One of the best known abilities of slime moulds is that they show chemotaxis - they move towards or away from different chemicals they sense in their environment. When we make mazes or choice chambers for them, we're exploiting that behaviour to test their ability to navigate towards food or test their preference for difference sources of nutrition. In the picture below a slime is attracted towards oats mixed with paprika (positive chemotaxis) but repelled by black pepper and turmeric (negative chemotaxis).
They can't really see but slime moulds respond to light. Normally they just avoid it - especially blue and ultraviolet light which are damaging to DNA. Experiments have shown that physarum can tell the difference between colours of light and can be trained to respond to them. When it's ready to form spores a slime will switch from avoiding light to being attracted to it.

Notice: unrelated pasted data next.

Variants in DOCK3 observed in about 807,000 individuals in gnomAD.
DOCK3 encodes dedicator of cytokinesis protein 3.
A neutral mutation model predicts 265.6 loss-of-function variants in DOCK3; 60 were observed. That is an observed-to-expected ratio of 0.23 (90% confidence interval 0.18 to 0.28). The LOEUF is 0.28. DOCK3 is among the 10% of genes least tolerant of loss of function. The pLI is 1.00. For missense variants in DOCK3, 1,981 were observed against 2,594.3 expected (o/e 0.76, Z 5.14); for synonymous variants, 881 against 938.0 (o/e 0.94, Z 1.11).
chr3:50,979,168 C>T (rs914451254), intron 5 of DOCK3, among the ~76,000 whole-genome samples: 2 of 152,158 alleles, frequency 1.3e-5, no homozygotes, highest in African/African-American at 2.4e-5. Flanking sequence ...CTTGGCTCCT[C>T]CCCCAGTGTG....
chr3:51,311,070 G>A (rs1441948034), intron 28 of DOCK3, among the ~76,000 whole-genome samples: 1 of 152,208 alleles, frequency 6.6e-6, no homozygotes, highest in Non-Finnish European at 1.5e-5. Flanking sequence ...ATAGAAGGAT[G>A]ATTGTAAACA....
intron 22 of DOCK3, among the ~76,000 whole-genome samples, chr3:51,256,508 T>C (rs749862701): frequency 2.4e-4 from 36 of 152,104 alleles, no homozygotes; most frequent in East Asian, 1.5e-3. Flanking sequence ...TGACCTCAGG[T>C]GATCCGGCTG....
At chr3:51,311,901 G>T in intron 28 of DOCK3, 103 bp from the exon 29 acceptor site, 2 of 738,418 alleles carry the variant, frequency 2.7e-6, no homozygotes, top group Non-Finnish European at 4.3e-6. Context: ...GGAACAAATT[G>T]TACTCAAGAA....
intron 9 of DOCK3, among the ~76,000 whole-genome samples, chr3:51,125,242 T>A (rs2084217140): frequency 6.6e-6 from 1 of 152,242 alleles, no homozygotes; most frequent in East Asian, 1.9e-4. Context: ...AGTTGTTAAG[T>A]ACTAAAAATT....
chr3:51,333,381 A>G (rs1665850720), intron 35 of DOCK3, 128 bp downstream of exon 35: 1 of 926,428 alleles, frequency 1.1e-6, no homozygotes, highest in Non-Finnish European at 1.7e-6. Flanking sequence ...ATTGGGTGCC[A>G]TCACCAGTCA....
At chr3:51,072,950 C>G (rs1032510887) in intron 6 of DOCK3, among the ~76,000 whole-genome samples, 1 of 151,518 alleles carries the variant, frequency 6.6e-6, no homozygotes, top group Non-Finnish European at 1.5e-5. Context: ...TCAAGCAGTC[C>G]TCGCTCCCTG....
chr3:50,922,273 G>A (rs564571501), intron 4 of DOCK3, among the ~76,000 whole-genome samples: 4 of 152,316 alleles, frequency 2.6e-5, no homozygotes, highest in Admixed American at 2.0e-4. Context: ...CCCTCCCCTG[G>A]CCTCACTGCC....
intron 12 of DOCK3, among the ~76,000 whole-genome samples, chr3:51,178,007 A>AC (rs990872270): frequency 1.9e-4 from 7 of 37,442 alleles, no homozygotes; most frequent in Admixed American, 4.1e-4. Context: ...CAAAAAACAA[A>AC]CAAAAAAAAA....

The key to physarums success at solving a maze is its memory. Wherever it goes, a slime mould lays down a chemical trail. When it's exploring something like a maze this trail tells the organism where it's been before and which areas aren't worth looking at again. It's a lot like foraging ants leaving trails of pheromones for other workers to follow.
Even most biologists haven't heard of this! 'Duro' comes from the same Latin word as 'durable' - Durotaxis is the ability to sense how hard or tough a surface is. Slimes usually like something hard but not too hard - they'll pick a piece of wood over a rock or a loose pile of moss.
Professor Audrey Dussutour’s group started exploring the limits of just what physarum can do. We’ve known for a long time that it’s attracted to some things (oats, sugar, protein) and avoids others (salt, caffeine, high pH) – a behaviour called chemotaxis but she showed that it’s possible to teach a slime to approach something it would normally avoid in return for food – and that it will keep that memory for a year or more.